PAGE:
The new Global Gender Gap Report was released earlier this month, and as usual Nordic countries took the top spots. For the fifth year running, Iceland is rated as the country with the narrowest gender gap. This means women in Iceland have greater access to health and education, and are more politically and economically empowered than women in other countries. Finland, Norway, and Sweden are second, third, and fourth, respectively.
The U.S. is ranked 23rd. The U.S. is ranked lower than both Nicaragua (10) and Cuba (15).
Yemen was ranked last, at number 136, directly below Pakistan (135), Chad (134) and Syria (133).
The Global Gender Gap Index measures and ranks 136 countries on one important aspect of gender equality — the relative gaps between women and men across four key areas: health, education, economics and politics.
Politically, the Nordic states proved to be the best for women as many Nordic countries were also early starters in providing women with the right to vote (Sweden in 1919, Norway in 1913, Iceland and Denmark in 1915, Finland in 1906). In Denmark, Sweden and Norway, political parties introduced voluntary gender quotas in the 1970s, resulting in high numbers of female political representatives over the years. In Denmark, in fact, this quota has since been abandoned as no further stimulus is required. Today, Sweden has among the highest percentages of women in parliament in the world (44.7%) while the other Nordic countries are almost as successful.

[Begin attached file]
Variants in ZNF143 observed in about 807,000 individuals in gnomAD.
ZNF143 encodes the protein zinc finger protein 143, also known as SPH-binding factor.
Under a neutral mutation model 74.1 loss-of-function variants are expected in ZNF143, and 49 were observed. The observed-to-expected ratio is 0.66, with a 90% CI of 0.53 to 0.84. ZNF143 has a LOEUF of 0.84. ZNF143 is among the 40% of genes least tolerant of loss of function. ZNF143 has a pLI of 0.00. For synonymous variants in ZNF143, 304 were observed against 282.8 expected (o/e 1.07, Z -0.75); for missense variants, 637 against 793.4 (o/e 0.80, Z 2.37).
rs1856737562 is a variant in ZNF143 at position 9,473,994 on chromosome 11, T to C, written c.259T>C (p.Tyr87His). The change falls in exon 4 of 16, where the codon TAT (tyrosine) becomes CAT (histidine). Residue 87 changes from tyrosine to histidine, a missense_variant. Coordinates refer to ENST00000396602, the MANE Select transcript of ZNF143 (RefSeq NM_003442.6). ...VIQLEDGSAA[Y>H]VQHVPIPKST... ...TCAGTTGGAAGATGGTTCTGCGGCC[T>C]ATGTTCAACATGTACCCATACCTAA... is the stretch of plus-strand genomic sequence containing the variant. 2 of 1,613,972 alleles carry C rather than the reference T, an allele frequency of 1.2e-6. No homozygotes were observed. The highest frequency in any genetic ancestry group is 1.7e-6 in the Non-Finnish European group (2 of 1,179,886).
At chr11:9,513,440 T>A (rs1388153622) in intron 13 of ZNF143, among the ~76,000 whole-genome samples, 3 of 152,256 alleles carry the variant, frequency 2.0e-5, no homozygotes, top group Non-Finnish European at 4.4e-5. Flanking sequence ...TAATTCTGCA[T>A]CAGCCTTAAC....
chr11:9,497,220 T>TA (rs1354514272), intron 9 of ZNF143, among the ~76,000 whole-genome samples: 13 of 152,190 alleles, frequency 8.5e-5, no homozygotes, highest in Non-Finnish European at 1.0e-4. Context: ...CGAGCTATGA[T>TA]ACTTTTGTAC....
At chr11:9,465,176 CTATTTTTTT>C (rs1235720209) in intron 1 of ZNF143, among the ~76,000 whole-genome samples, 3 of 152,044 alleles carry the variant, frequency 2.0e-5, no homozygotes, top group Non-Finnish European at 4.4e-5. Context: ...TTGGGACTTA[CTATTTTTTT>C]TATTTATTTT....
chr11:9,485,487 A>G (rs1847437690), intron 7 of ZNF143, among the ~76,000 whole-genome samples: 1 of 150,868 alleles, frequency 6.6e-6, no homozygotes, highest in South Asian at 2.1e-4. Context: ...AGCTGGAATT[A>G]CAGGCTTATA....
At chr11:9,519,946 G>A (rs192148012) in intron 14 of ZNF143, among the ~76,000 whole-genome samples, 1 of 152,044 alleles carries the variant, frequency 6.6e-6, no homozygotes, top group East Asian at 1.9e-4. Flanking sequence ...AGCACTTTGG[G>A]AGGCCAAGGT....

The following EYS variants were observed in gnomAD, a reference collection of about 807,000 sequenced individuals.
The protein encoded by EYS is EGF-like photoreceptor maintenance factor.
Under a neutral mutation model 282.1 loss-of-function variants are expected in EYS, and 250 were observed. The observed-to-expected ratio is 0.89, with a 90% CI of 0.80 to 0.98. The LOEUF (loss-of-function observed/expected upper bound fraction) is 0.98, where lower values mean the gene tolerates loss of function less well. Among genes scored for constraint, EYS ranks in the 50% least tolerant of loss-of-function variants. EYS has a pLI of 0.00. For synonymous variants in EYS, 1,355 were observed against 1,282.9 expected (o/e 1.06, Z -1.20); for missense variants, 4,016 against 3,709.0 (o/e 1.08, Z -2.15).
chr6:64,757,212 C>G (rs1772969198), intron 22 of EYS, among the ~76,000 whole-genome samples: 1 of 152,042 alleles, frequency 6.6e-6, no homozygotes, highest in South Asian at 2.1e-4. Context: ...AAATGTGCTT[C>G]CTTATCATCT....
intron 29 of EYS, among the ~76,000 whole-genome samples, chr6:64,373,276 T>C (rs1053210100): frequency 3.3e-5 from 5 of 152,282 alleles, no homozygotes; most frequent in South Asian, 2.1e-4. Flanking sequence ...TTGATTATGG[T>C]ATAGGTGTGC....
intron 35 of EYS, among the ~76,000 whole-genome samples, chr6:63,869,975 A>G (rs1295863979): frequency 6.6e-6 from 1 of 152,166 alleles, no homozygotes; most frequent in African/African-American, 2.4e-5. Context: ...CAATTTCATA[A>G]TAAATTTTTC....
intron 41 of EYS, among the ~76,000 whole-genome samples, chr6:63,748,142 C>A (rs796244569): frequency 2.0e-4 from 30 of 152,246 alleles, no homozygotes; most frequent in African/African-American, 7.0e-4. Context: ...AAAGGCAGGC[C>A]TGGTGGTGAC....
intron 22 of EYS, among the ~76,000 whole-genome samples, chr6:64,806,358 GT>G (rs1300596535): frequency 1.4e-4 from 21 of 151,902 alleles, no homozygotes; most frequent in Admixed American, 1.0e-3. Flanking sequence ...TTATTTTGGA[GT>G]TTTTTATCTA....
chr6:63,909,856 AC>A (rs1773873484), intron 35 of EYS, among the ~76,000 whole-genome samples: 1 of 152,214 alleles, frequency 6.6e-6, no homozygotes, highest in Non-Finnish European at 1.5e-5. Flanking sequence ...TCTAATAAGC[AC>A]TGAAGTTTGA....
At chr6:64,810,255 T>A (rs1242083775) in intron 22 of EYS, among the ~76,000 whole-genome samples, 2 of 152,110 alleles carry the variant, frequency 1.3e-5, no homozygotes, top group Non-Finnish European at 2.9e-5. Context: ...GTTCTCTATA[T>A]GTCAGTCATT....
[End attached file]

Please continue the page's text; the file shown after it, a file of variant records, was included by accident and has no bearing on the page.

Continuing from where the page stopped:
Israel (53) continues to hold the top spot in the Middle East and North Africa region and gains three places relative to its rank in 2012. This is mainly due to improvement in the percentage of female parliamentarians.
The overall gender gap narrowed slightly across the globe in 2013, as 86 of 133 countries showed improvements.
The report states:
On average, in 2013, over 96% of the gap in health outcomes, 93% of the gap in educational attainment, 60% of the gap in economic participation and 21% of the gap in political empowerment has been closed. No country in the world has achieved gender equality. The four highest ranked countries— Iceland, Finland, Norway and Sweden—have closed between 81% and 87% of their gender gaps, while the lowest ranked country—Yemen—has closed a little over half of its gender gap.
No country in the world has achieved gender equality. Women received the right to vote almost 100 years ago in America, many anti-discimination laws have been put in place,, but we still have not managed to close the gender gap.
In 2013, there is still distinct inequality between the sexes.
That is unbelievable. And that needs to change.